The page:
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Following a daily routine and thinking of others, students said, helped them tame fear and anxiety in midst of the coronavirus

Graphic of women sitting in two different rooms. The first, she's sitting, arms folded around her knees with corona viruses all around her. In the second, she's on a mat and in a meditation pose.

To take care of their mental health during COVID-19’s uncertainty, BYU–Hawaii students shared they are creating daily schedules and routines to stay productive, busy and peaceful.

According to Psychology Today, “There’s not only one ‘right’ way to cope during this time. On some days, a realistic expectation might simply be just to survive one more day. Criticizing and judging yourself will only increase the stress and negative emotions, which will leave you feeling less motivated and even less able to function adaptively.”

Grace Glenn, a freshman from Oregon majoring in TESOL education, said the changes she has experienced due to the pandemic have prepared her for her mission for The Church of Jesus Christ of Latter-day Saints.

“On a mission, you experience different things that you’re not expecting … It’s been good to have the experience of change. I have been able to see how I deal with [change] and figure out what I can do differently to make sure I can be prepared mentally for my mission.”

Daily bread brings more happiness

Psychologist and contributor for LDS Living, Dr. David T. Morgan, said approaching life one day at a time can ease anxiety for the future. Citing Matthew 6:11 from the Bible, he said, “Jesus taught in the Lord’s Prayer. ‘Give us this day our daily bread.’”

Morgan said sometimes he wants weekly, monthly or yearly bread as he worries about the future. However, he has learned to live one day at a time, which has helped him feel more at peace.

“I’ve found peace in trying to exist today, without giving undue concern to what might happen next. Spending all our days thinking about our tomorrows tends to result in a lot of missed opportunities for happiness.”

He said there is wisdom in “daily bread.” He added, “Tomorrow will never come until tomorrow, so let’s do the best we can to find happiness and peace today.”

Sidney Shifflet, a freshman from Colorado majoring in intercultural peacebuilding and political science, said because everything is so unpredictable, people are forced to live day to day.

“[Coronavirus] is teaching people the importance of being present, at the moment and the day – not worrying about what is going to happen.”

To destress, Shifflet said she tries to slow down. “I have felt myself in moments doing something, and then I get really stressed out. Just do one thing then the next, putting all [our] attention on what [we’re] doing right then. [That] is what helps me.”

Glenn explained how, “I think the most important thing is that God has a plan for each one of us, and this is all happening to each of us for a reason. It is going to be a blessing, as long as we look for the blessings. Even though it is uncertain times, God has given us uncertain times so we can live one day at a time.”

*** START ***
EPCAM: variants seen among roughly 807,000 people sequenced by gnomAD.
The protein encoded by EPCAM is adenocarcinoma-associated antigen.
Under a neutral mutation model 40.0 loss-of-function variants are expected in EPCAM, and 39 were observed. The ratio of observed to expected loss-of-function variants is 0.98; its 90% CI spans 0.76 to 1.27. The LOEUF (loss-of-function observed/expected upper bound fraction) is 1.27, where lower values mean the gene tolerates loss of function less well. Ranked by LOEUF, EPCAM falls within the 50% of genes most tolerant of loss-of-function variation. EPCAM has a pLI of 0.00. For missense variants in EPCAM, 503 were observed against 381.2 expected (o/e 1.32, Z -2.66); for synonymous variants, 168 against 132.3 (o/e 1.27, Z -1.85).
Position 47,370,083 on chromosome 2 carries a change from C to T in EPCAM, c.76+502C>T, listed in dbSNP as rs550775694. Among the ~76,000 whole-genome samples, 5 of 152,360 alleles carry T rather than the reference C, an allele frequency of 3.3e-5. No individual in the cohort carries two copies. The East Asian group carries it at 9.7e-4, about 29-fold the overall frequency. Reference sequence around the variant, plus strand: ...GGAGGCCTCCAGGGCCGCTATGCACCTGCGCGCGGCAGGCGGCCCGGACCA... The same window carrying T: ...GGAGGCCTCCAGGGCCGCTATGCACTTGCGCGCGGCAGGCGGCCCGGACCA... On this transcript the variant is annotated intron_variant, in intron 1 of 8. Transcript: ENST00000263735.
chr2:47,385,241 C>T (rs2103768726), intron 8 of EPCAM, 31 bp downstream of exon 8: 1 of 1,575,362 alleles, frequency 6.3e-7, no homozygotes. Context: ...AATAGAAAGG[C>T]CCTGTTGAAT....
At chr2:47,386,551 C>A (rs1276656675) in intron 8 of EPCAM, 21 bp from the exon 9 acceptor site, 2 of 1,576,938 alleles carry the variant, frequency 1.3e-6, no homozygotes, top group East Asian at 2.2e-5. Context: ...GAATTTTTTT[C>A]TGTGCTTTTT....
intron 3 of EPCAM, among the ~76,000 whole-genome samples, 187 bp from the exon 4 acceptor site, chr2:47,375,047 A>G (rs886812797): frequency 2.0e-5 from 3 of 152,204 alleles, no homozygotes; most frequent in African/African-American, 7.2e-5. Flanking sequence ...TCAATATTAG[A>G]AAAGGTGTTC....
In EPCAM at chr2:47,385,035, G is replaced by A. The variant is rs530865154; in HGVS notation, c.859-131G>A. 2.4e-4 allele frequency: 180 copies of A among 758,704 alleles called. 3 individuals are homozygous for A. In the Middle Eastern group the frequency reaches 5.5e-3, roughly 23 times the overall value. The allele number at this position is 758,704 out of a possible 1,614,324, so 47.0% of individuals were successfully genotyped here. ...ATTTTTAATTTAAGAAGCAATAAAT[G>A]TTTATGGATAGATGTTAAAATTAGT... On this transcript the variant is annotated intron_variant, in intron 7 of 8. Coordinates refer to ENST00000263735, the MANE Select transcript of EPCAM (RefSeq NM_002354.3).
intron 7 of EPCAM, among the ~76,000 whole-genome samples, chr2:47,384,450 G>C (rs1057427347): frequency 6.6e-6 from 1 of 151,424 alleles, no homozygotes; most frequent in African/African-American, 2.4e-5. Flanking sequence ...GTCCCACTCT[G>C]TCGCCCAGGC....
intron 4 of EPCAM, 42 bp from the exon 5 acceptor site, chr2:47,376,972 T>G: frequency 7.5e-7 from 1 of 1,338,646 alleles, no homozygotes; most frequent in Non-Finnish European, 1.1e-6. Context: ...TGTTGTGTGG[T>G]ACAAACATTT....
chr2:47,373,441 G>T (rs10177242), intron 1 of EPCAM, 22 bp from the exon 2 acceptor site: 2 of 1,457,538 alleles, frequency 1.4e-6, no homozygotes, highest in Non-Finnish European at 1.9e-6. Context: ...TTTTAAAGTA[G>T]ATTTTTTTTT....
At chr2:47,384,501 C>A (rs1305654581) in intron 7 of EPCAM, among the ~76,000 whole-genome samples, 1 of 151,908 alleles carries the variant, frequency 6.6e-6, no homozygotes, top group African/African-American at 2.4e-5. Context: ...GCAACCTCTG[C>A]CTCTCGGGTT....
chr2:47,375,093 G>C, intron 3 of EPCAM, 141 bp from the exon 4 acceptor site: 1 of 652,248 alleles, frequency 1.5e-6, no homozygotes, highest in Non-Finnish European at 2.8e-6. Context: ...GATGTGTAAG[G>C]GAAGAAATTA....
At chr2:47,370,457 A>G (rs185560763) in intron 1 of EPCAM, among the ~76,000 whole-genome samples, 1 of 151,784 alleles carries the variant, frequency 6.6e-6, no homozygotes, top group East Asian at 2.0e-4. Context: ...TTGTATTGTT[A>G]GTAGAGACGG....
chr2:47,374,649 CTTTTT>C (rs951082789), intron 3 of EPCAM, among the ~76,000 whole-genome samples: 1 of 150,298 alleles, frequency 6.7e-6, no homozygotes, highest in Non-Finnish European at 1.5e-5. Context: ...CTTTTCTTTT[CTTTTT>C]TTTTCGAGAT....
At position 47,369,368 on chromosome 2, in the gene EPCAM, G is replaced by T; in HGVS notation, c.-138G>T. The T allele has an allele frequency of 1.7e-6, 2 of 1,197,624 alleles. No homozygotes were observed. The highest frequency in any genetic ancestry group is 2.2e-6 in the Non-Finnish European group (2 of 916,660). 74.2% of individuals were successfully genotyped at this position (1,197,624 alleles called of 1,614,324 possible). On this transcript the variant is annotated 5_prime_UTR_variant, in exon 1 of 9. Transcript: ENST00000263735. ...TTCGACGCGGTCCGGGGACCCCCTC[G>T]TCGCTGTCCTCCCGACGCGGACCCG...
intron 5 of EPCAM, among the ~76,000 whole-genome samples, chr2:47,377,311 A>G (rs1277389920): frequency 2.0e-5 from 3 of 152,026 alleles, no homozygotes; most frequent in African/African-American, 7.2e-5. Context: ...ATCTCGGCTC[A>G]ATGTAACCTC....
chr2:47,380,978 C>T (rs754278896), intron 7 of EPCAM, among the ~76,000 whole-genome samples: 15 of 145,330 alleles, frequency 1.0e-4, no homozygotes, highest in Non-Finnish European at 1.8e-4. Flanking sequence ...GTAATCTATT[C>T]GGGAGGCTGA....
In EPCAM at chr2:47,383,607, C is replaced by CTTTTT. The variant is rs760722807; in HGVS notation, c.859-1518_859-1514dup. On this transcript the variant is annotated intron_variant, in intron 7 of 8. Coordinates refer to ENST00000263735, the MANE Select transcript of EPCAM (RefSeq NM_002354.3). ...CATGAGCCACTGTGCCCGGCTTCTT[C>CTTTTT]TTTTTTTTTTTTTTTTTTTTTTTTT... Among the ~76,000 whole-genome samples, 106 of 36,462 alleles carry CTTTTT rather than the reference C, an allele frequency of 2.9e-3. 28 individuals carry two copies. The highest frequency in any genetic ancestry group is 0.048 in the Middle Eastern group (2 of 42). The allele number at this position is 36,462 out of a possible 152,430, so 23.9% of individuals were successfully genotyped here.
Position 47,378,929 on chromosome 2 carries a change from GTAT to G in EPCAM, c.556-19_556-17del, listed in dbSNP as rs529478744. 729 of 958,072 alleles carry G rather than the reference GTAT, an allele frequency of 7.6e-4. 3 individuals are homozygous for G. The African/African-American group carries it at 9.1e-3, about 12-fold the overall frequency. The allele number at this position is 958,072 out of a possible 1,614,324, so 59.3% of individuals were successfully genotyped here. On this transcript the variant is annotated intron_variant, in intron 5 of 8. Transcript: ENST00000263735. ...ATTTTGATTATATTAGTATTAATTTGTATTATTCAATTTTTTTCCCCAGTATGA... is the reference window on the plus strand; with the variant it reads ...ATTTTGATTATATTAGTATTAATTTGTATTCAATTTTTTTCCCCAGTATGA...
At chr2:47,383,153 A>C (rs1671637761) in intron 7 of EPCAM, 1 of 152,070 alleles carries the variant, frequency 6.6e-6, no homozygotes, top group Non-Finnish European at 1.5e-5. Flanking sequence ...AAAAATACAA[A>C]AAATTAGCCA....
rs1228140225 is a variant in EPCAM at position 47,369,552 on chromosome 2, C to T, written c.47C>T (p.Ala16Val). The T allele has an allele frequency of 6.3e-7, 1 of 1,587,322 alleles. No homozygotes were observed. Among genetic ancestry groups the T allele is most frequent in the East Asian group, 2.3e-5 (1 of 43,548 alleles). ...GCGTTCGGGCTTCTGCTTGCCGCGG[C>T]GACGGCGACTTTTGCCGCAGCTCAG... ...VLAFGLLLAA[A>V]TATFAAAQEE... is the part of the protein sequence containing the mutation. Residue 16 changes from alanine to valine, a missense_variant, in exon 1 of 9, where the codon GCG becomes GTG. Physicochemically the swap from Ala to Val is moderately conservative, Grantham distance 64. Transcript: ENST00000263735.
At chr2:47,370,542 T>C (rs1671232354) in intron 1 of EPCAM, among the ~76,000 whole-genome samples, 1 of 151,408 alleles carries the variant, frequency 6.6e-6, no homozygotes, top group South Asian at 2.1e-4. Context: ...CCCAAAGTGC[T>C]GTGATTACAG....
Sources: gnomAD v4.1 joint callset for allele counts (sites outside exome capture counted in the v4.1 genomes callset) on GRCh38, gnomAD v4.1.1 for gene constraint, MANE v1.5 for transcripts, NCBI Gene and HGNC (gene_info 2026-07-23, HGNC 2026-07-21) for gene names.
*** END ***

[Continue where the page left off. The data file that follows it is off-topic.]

Daily goals and plans

Graphic of two people sitting in chairs, a women frowning and a man looking at her, a cell phone with the words "Disaster Distress Helpline" and a woman holding a sign saying, "you matter." At the top there are words that say, "According to the Centers for Disease Control and Prevention, fear and anxiety about the coronavirus pandemic are normal and can be overwhelming. Here is a list of resources for those who are struggling 
or need extra assistance during these stressful times:"

To live one day at a time, Keanu Dellona, a junior from California majoring in psychology, has created a routine for himself with daily goals to accomplish. Dellona said, “I do what I can. I run, spend time with my family, sing and play the ukulele. I have kept myself busy with a daily schedule, and if I don’t finish it that day, I put it on my list for tomorrow.”

Shifflet added, “I am not trying to drag myself into the ground with a lot of things, but I have been setting goals and reaching them, which has been helpful ... I have daily goals like exercise, scriptures, journaling, and I want to practice the ukulele each day.”

She shared how she made a list of goals when the stay-at-home order was made and put it on top of her desk, so she could always see it. One goal she made was, “Do one meaningful thing with at least one family member to strengthen your relationship with them each day.”

According to Shifflet, this list has helped her feel a lot better about herself. “It helps me feel like I haven’t wasted the day or all this extra time ... It helps me to recognize that even if it’s the same things each day, it is still meaningful. Honestly, it helps me to not feel depressed.”

Graphic of sunflower with an illustration of leaves and rain in the background with the quote "What mental health needs is more sunlight, more candor, and more unashamed conversations. - Glenn Close"